Although Dulli has been involved in a number of projects during his 30+ year recording career, his first solo full-length album under his own name Random Desire is slated for a February 21, 2020 release through Royal Cream/BMG. Random Desire can trace its origins to the aftermath of The Afghan Whigs’ most recent album, 2017’s critically applauded In Spades: Patrick Keeler was about to take a short sabbatical from the band to record and tour with his other band, The Raconteurs. Dulli’s longtime collaborator and bandmate John Curley went back to school. And the band’s longtime guitarist Dave Rosser tragically died after a battle with colon cancer.

So Dulli returned to his teenaged bedroom roots, finding inspiration through the model of legendary, one-man, multi-instrumentalist band visionaries like Prince and Todd Rundgren with the Hamilton, OH-born, Los Angeles-based singer/songwriter writing and playing almost every part of the album — from piano and bass lines to drums. Much like he’s always done throughout his career, the music came first and the lyrics completed later. Written and recorded in several different locations including Dulli’s Silver Lake home; Crestline, CA, in the mountains above San Bernardino; and New Orleans — with the bulk of the album being done at Christopher Thorne’s Joshua Tree, CA-based studio.  While Dulli handled most of the album’s instrumental duties, he managed to collaborate with an all-star cast of musicians including his Afghan Whigs bandmates Jon Skibic (guitar) and multi-instrumentalist Rick G. Nelson, his Twilight Singers bandmate Mathias Schneeberger, Dr. Stephen Patt (pedal steel and upright bass) and Queens of the Stone Age‘s and The Mars Volta‘s Jon Theodore (drums).

“Pantomina,” Random Desire‘s swaggering and self-assured first single is centered around layers of buzzing power chords, a handclap-led hook and lyrics that alternate between sardonic, desperately lonely, and triumphant — often within a turn of a phrase.  Much like his acclaimed work with The Afghan Whigs and The Twilight Singers, the new single delves into the psyche and emotions of a deeply fucked up, dysfunctional narrator with fucked up, dysfunctional relationships — but there’s also a hard fought, world-weary wisdom at its core.

Directed by longtime Afghan Whigs visual collaborator Philip Harder, who stars as Bob Fosse, along with dancers, Paula Vasquez Alzate, Desare Cox, Elayana Waxse, Maggie Zepp, LaTanya Cannaday, Karen Yang, Mia Bird and Reyona Elkins, the recently released and gorgeously shot video for “Pantomina” captures the life behind-the-scenes and on-stage with an intimacy and familiarity of  performer, before going to the frenetically shot performance and the collapse, then death of its hard-living, harder working choreographer protagonist. As Greg Dulli says in press notes. the video “is a homage to the movie All That Jazz. ‘Pantomina’ feels like a show tune to me.”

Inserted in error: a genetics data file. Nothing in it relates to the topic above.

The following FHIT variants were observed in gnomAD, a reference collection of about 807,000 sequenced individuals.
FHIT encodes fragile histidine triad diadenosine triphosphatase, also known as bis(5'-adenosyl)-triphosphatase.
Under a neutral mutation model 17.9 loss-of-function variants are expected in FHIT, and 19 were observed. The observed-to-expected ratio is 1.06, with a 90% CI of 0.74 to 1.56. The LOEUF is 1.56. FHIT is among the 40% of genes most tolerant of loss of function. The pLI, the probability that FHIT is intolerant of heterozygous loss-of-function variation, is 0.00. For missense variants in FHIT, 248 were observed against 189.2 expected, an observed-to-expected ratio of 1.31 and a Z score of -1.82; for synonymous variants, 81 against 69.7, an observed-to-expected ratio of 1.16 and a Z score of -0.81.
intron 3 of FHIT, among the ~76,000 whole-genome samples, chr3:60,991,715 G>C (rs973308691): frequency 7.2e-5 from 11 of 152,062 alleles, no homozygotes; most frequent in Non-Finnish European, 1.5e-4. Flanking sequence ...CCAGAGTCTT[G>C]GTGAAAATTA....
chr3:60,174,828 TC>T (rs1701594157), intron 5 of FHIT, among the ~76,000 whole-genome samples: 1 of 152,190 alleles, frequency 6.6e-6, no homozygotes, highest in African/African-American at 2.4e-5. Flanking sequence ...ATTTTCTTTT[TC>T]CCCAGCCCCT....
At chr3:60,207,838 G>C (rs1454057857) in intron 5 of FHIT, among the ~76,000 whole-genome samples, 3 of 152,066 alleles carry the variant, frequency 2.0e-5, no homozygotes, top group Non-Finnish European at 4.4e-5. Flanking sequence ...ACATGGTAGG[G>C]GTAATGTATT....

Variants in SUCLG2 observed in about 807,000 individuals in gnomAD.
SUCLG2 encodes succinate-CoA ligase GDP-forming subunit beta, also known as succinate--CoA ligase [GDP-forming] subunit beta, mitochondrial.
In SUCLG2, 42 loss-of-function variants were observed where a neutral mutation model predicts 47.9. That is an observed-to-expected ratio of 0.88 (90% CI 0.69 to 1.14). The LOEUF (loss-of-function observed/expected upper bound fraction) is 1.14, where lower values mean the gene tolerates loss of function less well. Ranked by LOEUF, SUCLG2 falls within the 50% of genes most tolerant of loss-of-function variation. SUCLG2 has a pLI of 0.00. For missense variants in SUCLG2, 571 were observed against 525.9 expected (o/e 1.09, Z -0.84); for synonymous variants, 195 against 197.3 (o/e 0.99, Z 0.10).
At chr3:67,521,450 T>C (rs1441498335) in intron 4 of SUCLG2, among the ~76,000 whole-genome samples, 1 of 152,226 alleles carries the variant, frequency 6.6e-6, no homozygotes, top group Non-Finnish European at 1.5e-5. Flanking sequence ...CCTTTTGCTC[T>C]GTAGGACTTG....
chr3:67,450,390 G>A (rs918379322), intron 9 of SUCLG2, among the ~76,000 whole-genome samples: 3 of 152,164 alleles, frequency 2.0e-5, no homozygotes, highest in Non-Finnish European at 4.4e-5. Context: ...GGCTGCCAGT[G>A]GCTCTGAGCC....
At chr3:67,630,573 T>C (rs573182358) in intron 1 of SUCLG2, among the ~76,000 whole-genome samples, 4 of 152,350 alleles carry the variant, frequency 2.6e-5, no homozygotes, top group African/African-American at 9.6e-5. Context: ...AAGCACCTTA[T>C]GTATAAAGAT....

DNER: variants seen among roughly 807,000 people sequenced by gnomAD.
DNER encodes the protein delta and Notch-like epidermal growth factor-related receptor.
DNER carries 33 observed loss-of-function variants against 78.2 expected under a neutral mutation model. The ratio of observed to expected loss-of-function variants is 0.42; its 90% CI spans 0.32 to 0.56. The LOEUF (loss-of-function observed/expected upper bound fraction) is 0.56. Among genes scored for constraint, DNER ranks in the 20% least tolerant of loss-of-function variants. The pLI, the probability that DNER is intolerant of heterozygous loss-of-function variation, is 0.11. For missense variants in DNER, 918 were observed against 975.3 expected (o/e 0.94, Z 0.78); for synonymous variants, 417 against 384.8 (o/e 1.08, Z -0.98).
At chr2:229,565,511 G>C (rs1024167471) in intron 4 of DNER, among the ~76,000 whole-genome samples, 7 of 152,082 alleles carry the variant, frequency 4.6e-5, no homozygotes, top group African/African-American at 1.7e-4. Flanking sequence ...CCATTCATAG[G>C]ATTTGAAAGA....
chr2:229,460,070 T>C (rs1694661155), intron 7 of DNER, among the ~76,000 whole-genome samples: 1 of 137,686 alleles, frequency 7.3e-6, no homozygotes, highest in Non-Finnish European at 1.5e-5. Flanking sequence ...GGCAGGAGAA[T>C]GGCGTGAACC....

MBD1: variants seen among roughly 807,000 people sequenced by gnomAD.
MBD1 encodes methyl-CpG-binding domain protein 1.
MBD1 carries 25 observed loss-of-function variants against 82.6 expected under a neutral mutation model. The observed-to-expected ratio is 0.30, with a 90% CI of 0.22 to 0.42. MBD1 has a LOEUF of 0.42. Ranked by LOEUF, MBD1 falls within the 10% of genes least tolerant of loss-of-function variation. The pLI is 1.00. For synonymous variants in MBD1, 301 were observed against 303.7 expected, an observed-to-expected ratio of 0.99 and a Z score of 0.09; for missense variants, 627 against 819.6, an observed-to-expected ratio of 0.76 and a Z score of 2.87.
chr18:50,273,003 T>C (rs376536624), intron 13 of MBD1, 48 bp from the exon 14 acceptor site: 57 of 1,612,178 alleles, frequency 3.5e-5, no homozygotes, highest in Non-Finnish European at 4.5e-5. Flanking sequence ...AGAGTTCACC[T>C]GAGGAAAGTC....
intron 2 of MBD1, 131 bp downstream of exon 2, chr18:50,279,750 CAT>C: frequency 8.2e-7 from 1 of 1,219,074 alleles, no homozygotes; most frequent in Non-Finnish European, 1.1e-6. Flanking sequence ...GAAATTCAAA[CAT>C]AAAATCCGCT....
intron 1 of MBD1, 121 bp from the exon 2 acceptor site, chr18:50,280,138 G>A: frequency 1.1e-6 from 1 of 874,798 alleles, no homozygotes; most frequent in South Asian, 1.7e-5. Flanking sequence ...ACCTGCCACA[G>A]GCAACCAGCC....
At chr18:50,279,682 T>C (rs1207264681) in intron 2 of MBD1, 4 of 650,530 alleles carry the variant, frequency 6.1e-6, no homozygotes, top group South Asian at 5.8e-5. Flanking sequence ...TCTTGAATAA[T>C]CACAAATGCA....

New Audio: Nottingham, UK’s Hurtsfall Releases a Joy Division-Inspired Single

Featuring current and former members of acts like The Death Notes, In Isolation, Gossamer Veil, Dick Venom & the Terrortones, The Midnight Circus, Every New Dead Ghost, Arcane Winter and Tenpole Tudor, the Nottingham, UK-based post-punk act Hurtsfall — founding members Mike Sinclair (bass), Jamie Laws (keys) and Dave Perkins (drums), along with Sam Harrison-Emm (vocals) — can trace its origins back to 2017, when its founding members started a new band. The emerging British act solidified their lineup when they found Harrison-Emm after a lengthy and exhaustive audition process in 2018.

Since the band has solidified their lineup, the members of Hurtsfall have established their own sound, which pairs goth overtones with synth pop sensibilities while developing a following centered around an energetic live show. So far, the le Nottingham-based band has opened for Strange Circuits, one of the first acts to sign with Wax Trax! Records — and building upon a growing profile, the band’s recently released their latest single “12 Long Years.” Centered around angular and propulsive bass chords, forceful yet mathematically precise drumming, shimmering and atmospheric synth flourishes and Harrison-Emm’s Ian Curtis-like baritone, “12 Long Years” will immediately recalls Joy Division, as well as more contemporary acts like ACTORS and others — and while murky and brooding, the track manages to be dance floor friendly.  

New Video: Dutch Indie Act The Homesick Release a Surreal, Animated Visual for Expansive Single “Male Bonding”

With the release of 2018’s full-length debut Youth Hunt, the Dokkum, The Netherlands-based trio The Homesick — Jaap van der Velde, Erik Woudwijk and Elias Elgersma — were quickly typecast as being resident tricksters, shrewdly courting spirituality under their own nonconformist whims. For outsiders, it was hard to tell whether the band was being ironic and taking the piss out of things — or genuinely unraveling themselves as starry-eyed romantics. Interestingly, even the album’s production values were quixotic and highly unusual: Elgersma and Van der Velde’s vocals were drenched in reverb  and paired with warped synths and distorted guitars within hook-driven guitar pop.

Slated for a February 7, 2020 release through Sub Pop Records, the Dutch trio’s forthcoming sophomore album The Big Exercise derives its title from a passage in acclaimed singer/songwriter Scott Walker’s biography Deep Shade Of Blue, the album reportedly is a concentrated effort by the trio to explore the physicality of their music in fresh ways.  “When we were on tour in 2018, I bought Meredith Monk’s Dolmen Music in Switzerland,” Van der Velde says in press notes. “Elias and I have been completely immersed in her music ever since. But also the work of Joan La Barbara for example, who also did things with extended vocal techniques, that was also quite vital to us. We discovered that the human voice offers so many beautiful elements that can still feel very physical and intrusive.”